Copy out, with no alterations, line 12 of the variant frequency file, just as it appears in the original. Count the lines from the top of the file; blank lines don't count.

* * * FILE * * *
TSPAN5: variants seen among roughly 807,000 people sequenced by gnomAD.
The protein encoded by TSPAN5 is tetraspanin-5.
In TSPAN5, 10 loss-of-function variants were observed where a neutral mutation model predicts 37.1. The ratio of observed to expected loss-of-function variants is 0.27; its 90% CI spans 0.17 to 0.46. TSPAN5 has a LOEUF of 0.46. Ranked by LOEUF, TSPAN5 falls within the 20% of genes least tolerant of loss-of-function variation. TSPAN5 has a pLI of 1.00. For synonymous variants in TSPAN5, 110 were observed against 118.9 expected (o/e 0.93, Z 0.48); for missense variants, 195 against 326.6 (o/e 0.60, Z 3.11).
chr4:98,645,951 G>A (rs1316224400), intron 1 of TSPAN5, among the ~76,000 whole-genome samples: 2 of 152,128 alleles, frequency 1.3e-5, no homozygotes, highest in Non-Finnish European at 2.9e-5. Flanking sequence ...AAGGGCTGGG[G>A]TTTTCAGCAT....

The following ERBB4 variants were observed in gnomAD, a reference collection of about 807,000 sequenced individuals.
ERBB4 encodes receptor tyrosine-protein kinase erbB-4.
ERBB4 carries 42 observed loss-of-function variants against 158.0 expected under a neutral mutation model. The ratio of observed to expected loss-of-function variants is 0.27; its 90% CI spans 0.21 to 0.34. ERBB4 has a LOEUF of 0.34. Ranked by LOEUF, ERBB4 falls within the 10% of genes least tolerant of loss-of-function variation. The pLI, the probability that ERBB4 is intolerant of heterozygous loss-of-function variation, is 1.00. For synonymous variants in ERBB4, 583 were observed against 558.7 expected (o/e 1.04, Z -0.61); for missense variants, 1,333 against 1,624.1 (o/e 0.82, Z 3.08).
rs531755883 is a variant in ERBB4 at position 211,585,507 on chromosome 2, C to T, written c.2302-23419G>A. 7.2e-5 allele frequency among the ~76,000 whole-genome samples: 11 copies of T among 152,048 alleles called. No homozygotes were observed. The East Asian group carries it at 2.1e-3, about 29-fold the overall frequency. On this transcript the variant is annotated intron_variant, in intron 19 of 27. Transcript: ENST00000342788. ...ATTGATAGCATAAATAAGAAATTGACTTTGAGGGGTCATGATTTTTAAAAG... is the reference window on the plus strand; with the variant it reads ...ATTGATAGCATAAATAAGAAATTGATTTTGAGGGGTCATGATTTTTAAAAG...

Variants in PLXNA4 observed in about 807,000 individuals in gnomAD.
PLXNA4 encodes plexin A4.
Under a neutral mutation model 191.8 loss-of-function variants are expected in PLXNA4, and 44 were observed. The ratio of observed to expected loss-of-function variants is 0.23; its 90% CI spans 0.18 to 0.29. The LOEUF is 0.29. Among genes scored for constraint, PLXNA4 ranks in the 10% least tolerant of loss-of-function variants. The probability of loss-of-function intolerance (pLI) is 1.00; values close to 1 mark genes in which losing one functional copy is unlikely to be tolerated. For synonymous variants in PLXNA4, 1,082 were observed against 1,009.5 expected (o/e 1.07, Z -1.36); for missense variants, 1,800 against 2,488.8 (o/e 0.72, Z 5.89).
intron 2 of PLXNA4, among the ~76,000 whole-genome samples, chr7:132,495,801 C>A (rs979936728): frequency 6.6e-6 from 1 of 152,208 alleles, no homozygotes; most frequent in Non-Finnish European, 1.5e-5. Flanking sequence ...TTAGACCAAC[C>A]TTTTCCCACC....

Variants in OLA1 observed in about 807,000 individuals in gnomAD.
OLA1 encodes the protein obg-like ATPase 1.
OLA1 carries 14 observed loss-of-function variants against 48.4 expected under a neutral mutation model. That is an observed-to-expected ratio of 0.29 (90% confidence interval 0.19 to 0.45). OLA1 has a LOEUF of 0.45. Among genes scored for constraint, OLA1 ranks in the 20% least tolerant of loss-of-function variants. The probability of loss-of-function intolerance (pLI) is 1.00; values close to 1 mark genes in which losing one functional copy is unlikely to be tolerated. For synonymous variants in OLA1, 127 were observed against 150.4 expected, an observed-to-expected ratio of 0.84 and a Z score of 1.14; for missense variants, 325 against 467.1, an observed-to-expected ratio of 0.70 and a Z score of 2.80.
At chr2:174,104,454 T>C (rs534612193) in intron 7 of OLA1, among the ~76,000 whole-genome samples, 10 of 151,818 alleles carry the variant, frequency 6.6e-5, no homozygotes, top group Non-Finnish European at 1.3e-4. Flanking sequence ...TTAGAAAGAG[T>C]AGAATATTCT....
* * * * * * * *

intron 2 of PLXNA4, among the ~76,000 whole-genome samples, chr7:132,495,801 C>A (rs979936728): frequency 6.6e-6 from 1 of 152,208 alleles, no homozygotes; most frequent in Non-Finnish European, 1.5e-5. Flanking sequence ...TTAGACCAAC[C>A]TTTTCCCACC....